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Recurrent arthritis caused by Candida parapsilosis: a case report and literature review
BMC Infectious Diseases volume 19, Article number: 631 (2019)
Candida arthritis is extremely rare and also represents a major challenge of diagnosis and treatment. Here we reported a rare case of recurrent arthritis caused by Candida parapsilosis.
A 56-year-old Chinese male suffered from recurrent pain and swelling in his right knee after several times of “small needle-knife” acupuncture and corticosteroid injection of the joint. Candida parapsilosis was cultured in his synovial fluid and identified by sequencing of its Internal Transcribed Spacer (ITS) gene. Here we present the radiological characteristics, arthroscopic pictures, and synovium pathology of this patient. Also, blood test and chemical analysis of his synovial fluid were listed as well as the ITS sequence of this Candida species identified. The patient underwent thorough arthroscopic debridement and then set on fluconazole 400 mg daily for 12 months. His symptoms resolved and no relapse was observed on the last follow-up. Additionally, a brief but comprehensive review of C. parapsilosis arthritis episodes from past to now were studied.
With the detailed clinical information reported in this case and our literature review, we hope they would add to our knowledge of C. parapsilosis arthritis - its clinical settings, laboratory features, radiological characteristics, arthroscopic findings and experience of management.
Candida arthritis is extremely rare and also represents a major challenge of diagnosis and treatment because the clinical manifestations, laboratory and radiologic findings are not specific and not well defined [1, 2]. Among Candida species, Candida albicans contributes the highest incidence of cases with Candida arthritis . Whereas, the reports of C. parapsilosis arthritis was infrequent and limited to individual case descriptions. In this study, we reported a rare case of fungal arthritis due to C. parapsilosis seen at the Orthopedics Department of the Third Affiliated Hospital of Southern Medical University. Furthermore, we conducted a systematic review of C. parapsilosis arthritis episodes from past to now.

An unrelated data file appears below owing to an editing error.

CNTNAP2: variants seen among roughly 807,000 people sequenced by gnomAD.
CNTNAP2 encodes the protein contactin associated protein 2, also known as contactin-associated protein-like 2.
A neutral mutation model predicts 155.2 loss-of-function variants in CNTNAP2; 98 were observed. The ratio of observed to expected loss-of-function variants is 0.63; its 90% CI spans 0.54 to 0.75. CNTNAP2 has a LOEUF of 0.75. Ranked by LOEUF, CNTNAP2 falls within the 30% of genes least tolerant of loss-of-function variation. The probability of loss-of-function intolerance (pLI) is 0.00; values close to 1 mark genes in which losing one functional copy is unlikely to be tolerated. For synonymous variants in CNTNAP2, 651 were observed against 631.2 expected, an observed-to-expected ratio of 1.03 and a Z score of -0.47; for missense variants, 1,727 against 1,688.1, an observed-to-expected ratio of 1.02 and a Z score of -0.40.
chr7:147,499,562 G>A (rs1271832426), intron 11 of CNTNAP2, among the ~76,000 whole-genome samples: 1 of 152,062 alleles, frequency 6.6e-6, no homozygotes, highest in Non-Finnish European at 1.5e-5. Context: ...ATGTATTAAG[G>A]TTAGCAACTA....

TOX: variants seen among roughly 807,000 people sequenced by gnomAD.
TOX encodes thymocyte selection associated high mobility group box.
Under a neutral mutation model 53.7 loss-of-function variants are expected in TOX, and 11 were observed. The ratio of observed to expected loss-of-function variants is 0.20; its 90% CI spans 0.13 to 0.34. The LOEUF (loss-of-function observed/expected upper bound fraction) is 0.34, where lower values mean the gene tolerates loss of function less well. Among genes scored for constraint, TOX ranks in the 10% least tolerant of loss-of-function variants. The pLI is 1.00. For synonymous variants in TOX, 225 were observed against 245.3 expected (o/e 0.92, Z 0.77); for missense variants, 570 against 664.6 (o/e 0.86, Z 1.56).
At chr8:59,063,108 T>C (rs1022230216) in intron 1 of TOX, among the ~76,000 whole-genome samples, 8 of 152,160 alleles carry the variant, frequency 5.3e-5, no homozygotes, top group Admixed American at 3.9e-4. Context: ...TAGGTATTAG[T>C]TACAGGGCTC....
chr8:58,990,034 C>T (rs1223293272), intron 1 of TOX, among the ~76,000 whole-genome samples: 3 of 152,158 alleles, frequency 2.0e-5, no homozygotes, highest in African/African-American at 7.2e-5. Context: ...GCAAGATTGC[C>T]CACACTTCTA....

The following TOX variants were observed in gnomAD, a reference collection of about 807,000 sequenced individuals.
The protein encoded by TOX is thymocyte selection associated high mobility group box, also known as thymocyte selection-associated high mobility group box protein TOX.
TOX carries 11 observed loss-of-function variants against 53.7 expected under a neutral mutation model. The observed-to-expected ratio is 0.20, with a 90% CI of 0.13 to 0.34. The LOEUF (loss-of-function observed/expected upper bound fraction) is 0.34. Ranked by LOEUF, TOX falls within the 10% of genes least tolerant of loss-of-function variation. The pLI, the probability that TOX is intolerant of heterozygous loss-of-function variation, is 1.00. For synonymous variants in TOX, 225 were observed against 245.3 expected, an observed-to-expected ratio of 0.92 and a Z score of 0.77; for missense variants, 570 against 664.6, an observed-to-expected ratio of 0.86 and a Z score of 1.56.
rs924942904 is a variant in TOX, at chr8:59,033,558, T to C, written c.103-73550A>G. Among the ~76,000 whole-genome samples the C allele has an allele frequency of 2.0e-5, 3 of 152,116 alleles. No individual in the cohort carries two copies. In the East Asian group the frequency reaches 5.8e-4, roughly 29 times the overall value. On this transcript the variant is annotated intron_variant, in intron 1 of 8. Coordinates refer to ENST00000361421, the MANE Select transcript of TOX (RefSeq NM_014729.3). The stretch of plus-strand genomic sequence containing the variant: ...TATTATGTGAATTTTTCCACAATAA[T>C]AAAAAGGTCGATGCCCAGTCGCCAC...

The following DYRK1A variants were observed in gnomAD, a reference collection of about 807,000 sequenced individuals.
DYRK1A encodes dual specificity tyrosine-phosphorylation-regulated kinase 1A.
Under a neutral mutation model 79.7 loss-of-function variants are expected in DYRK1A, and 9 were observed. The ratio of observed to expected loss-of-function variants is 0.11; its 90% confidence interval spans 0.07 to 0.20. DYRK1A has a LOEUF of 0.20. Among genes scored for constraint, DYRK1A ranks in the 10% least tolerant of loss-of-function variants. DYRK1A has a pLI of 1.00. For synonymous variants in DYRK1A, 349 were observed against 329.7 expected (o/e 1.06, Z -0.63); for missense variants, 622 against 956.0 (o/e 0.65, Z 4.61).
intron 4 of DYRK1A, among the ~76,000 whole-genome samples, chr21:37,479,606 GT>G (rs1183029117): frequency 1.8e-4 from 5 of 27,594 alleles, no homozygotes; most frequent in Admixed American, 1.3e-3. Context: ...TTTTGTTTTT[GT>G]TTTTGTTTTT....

A 56-year-old man was admitted to our hospital because of recurrent pain and impaired range of motion (ROM) of his right knee for over a year. His medical history included type 2 diabetes and hypertension which were poorly controlled. He told us his knee was mild painful and swollen at the first place about one year ago without any injury. He went to a local hospital of Traditional Chinese Medicine (TCM) and was treated with “small needle-knife acupuncture” and ozone injection into the knee joint for several times. His symptoms became better after these treatments. However, 2–3 months later, his knee pain and swelling came back and he was again treated with acupuncture and TCM plaster, as well as joint aspirations with corticosteroid injection. After these therapies his knee was painless for another 2 months before it became swollen and painful again. Approximately 5–6 times of aspirations and corticosteroid injections were given to him, but the time-period of pain-release became shorter and shorter.
On admission, he was afebrile, T 36.2 °C, BP 133/70 mmHg, P 83/min, R 16/min. His right knee joint was obviously swelling. A 3 cm × 3 cm local bump on anterolateral knee can be inspected, which was soft and painless on palpation. Joint line tenderness was present, and floating patella test was positive. His right knee has impaired ROM (100°-0–0°) and was painful when over-extension or over-flexion. Anterior drawer test, Lachman test and McMurray test were negative.
Blood tests showed elevated erythrocyte sedimentation rate (ESR, 29 mm/h, reference range < 20 mm/h) and C-reactive protein (CRP, 18.38 mg/L, reference range < 8 mg/L), while the white blood cell (WBC, 7.3 × 109/L, reference range 3.4–10.0 × 109/L) count and hemoglobin (HB, 140 g/L, reference range 131–172 g/L) were normal. Radiographs of both knees exhibited the formation of osteophytes and narrowing of joint space on the medial compartments which indicated osteoarthritis (Fig. 1a). MRI T2-weighted and SPAIR sequences demonstrated subchondral bone marrow edema in the lateral femoral condyle, and the presence of soft-tissue abnormalities, including capsulitis, extensive synovial hyperplasia, capsular fluid collection, and periarticular muscle edema (Fig. 1b).
The patient then underwent thorough arthroscopic debridement and partial meniscectomy of his right knee. Inflammatory synovium was observed under the arthroscopy (Fig. 1c). Meanwhile, his thick, yellow and turbid synovial fluid was harvested. The biochemical and cytological analyses of joint fluid were as follows: Rivalta test, +++; total cell, 454 × 109/L; WBC, 155 × 109/L (22% mononuclear neutrophils and 78% polymorphonuclear neutrophils); protein, 37.7 g/L; lactate dehydrogenase (LDH), 1841 U/L. The Gram stain and acid-fast stain of the fluid demonstrated no bacteria or tuberculosis. Representative isolates of Candida were cultured in the Sabouraud dextrose agar medium (Fig. 1d). Subsequently, Candida species was identified by Internal Transcribed Spacer (ITS) sequencing  (forward primer ITS1, 5′-TCCGTAGGTGAACTTGCGG-3′; reverse primer ITS4, 5′-TCCTCCGCTTATTGATATGC-3′) and confirmed as C. parapsilosis by BLAST on NCBI (http://www.ncbi.nlm.nih.gov/). The sequence of ITS gene amplified from this isolate was listed in Additional file 1. Notably, the budding cells and pseudohyphae were also observed in the synovial tissue by periodic acid-schiff (PAS) staining (Fig. 1e), which further confirmed the diagnosis of Candida arthritis. Susceptibility test was performed and yielded susceptibilities to 5-flurocytosine, amphotericin B, fluconazole, itraconazole, and voriconazole.
The patient was then treated with fluconazole 400 mg daily intravenously for three weeks and then switched to orally for one year. The pain and swelling of the knee subsided gradually, and the patient had no complaints of the aforementioned symptoms 4 weeks post-surgery. On one-year follow-up, the patient remained in a clinically stable condition and the last culture of joint fluid was negative for C. parapsilosis.